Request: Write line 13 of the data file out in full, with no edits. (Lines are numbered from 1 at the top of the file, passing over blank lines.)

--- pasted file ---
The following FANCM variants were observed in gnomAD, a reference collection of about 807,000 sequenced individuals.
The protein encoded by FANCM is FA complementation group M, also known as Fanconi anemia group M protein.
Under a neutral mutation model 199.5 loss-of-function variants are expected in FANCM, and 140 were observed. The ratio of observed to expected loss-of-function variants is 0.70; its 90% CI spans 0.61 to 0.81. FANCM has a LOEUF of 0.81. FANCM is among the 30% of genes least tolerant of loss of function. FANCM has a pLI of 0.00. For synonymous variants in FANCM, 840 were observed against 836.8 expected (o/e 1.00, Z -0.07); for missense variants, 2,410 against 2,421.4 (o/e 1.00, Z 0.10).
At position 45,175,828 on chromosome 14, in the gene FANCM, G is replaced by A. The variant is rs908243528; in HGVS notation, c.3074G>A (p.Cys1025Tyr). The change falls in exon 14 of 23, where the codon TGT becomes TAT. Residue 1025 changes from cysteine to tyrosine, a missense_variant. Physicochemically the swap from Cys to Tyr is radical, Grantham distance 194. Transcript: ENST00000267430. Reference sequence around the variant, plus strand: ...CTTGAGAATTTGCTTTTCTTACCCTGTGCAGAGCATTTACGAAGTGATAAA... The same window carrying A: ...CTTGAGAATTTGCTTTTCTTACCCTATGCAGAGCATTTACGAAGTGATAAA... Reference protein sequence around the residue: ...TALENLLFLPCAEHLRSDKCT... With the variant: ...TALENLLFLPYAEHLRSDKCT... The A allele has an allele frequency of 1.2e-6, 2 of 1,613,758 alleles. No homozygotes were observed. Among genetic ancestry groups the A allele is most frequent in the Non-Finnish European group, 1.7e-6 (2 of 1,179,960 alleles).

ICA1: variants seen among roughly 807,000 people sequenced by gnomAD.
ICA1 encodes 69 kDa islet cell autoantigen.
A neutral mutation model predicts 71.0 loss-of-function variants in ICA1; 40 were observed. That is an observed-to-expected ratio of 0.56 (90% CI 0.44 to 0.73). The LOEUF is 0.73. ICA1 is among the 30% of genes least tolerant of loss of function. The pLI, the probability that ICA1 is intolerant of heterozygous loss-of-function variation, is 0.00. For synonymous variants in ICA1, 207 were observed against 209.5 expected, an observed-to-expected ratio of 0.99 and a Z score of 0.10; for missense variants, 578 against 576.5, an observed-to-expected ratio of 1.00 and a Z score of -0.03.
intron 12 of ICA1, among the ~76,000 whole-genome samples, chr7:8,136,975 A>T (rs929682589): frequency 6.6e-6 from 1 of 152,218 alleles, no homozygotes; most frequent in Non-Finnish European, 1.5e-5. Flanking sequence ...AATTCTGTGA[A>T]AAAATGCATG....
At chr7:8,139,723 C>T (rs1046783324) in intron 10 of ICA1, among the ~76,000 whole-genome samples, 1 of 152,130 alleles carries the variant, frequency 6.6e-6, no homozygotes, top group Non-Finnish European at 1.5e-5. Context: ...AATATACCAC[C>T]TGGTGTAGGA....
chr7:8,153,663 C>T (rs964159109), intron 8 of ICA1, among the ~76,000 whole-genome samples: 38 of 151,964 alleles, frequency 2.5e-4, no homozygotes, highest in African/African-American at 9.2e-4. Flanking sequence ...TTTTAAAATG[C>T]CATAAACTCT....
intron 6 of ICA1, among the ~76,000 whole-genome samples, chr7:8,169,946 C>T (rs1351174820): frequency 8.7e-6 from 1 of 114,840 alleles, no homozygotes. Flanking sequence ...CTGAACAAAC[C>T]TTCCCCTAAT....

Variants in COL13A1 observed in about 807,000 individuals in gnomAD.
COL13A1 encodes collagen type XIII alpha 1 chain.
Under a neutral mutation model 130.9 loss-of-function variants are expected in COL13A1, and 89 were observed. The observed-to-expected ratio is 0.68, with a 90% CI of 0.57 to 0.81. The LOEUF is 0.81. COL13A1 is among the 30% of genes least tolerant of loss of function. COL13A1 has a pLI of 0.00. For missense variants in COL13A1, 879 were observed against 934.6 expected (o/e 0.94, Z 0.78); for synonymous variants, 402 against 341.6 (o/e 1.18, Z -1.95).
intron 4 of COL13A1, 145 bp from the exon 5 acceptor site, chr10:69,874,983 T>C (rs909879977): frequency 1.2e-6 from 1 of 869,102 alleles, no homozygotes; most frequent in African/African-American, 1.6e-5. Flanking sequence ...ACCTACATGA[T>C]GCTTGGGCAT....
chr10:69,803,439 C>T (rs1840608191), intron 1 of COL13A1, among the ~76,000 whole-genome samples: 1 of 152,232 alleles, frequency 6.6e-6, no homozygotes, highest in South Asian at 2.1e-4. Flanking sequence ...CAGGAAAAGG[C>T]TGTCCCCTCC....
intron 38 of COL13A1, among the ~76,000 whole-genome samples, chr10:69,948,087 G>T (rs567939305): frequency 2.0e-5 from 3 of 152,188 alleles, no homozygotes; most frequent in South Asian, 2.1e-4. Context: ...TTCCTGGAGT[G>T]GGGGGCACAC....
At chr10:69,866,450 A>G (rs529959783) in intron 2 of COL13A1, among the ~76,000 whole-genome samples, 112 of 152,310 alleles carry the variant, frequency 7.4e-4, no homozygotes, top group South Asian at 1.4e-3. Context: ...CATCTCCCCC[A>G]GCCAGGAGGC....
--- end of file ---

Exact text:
COL13A1 encodes collagen type XIII alpha 1 chain.